Friday, August 12, 2005
Microglia are a large part of the brain's innate immune system, acting as 'janitors,' supporting and cleaning up after neurons (and probably glia too, it's just unclear how). It makes sense, therefore, that microglia could be helpful against the beta amyloid plaques of Alzheimer's disease, which are themselves immune byproducts. Researchers at Brigham and Women's Hospital have been testing a nasal spray of two drugs, Copaxone and Protollin, which are known to activate microglia and are approved for use against multiple sclerosis, and found that they significantly reduced amyloid plaques in the brains of mice with Alzheimers.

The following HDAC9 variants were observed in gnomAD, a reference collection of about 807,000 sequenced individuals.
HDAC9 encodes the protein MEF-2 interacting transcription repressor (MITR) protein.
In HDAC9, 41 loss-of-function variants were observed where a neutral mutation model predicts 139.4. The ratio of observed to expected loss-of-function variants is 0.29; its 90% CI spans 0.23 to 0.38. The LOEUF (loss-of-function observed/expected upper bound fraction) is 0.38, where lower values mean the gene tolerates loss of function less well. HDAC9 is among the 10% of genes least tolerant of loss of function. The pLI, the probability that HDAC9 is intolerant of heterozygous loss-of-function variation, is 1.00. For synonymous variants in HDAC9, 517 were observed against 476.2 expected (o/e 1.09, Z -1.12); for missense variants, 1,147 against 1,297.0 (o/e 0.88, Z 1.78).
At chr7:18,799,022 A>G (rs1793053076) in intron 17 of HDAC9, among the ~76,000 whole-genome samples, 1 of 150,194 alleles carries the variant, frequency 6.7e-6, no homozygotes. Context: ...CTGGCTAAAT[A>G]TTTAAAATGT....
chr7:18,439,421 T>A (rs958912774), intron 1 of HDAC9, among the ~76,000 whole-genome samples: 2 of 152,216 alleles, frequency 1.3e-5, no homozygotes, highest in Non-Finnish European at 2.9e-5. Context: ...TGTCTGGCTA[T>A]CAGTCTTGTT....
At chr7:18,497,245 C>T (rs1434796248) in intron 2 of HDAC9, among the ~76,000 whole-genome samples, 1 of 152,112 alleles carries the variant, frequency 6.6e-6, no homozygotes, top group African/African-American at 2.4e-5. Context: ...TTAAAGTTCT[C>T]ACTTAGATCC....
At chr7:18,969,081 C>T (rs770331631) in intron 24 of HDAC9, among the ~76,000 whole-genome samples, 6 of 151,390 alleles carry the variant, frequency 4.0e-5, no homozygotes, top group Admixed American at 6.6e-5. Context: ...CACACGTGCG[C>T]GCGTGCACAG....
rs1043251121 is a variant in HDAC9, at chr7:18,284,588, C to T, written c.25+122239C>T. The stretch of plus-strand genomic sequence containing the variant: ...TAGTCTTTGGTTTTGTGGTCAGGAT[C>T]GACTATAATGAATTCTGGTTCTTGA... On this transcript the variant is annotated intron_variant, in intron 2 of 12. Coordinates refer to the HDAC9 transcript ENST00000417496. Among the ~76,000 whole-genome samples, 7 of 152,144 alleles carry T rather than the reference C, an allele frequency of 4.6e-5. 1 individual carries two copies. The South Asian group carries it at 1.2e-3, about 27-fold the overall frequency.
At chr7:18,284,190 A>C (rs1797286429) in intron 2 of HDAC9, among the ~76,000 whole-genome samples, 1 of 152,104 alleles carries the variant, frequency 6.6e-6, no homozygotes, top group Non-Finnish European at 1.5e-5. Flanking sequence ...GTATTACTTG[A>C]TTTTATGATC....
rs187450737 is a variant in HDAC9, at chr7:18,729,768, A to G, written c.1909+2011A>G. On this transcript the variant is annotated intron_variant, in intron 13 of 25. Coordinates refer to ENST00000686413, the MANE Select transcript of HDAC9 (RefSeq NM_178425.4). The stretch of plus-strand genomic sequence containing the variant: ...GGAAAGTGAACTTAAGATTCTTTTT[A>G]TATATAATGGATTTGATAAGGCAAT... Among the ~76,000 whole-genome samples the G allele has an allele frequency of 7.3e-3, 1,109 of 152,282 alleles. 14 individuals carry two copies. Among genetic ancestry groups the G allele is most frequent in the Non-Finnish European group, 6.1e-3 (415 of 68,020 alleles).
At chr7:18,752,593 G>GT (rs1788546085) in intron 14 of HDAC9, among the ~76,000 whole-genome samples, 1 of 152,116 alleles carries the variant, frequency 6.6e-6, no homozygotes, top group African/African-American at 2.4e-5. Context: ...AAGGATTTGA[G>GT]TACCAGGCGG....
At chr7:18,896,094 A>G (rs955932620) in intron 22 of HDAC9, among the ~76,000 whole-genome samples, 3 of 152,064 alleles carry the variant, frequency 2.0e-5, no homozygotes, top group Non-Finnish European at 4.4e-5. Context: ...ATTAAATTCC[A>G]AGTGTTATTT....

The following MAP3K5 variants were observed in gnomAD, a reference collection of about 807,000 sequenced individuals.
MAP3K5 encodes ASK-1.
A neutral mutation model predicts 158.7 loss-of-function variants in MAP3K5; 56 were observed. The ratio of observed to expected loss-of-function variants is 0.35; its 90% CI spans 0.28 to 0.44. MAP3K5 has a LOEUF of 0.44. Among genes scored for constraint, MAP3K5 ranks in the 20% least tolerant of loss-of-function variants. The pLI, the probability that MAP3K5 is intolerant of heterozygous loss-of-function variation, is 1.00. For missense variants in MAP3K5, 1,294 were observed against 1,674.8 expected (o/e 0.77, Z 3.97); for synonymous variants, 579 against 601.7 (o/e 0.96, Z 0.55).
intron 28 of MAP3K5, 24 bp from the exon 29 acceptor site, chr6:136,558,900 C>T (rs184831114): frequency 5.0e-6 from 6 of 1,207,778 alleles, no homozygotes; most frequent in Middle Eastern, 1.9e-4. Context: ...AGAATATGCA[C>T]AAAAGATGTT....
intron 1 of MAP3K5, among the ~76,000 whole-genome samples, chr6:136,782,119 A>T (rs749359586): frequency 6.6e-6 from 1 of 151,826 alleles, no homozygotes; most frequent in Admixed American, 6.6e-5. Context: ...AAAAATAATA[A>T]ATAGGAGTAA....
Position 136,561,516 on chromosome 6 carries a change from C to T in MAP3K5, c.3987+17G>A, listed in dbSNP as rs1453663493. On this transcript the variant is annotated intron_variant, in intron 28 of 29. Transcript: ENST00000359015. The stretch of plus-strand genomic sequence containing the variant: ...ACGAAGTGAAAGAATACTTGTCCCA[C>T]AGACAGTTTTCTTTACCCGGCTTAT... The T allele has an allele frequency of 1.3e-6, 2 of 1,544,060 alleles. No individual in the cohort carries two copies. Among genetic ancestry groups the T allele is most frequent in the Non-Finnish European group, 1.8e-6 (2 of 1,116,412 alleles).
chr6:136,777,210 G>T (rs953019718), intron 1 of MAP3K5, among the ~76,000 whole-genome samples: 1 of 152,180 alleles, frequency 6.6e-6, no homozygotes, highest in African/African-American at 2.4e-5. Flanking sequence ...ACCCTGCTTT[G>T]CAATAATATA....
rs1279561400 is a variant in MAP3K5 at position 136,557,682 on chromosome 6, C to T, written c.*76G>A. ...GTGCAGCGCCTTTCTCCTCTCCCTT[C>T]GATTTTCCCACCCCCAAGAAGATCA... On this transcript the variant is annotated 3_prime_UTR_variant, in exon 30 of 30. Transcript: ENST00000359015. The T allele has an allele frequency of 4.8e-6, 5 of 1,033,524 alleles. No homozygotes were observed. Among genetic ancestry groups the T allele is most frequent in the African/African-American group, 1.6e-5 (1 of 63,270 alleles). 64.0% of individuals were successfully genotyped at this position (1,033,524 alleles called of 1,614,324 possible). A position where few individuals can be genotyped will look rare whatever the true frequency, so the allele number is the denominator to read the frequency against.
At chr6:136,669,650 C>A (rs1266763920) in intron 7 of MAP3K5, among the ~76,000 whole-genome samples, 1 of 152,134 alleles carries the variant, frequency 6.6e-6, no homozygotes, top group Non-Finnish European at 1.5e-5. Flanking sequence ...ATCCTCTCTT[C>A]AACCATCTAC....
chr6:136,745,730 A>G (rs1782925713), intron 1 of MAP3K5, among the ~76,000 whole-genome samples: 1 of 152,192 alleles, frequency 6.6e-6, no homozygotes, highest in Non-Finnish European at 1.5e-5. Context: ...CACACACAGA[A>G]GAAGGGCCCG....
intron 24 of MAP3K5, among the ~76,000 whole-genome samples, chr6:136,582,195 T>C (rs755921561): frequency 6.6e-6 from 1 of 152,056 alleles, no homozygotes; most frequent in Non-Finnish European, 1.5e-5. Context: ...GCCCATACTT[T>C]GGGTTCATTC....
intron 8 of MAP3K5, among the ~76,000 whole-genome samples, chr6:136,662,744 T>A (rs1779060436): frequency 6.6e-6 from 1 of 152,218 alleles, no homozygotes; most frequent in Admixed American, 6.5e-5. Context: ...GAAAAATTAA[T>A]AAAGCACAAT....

This is not only a very hopeful study - perhaps we will soon have a treatment or vaccine for a really nasty disease - but it is also an excellent example of how studying one disease can lead to breakthroughs against another.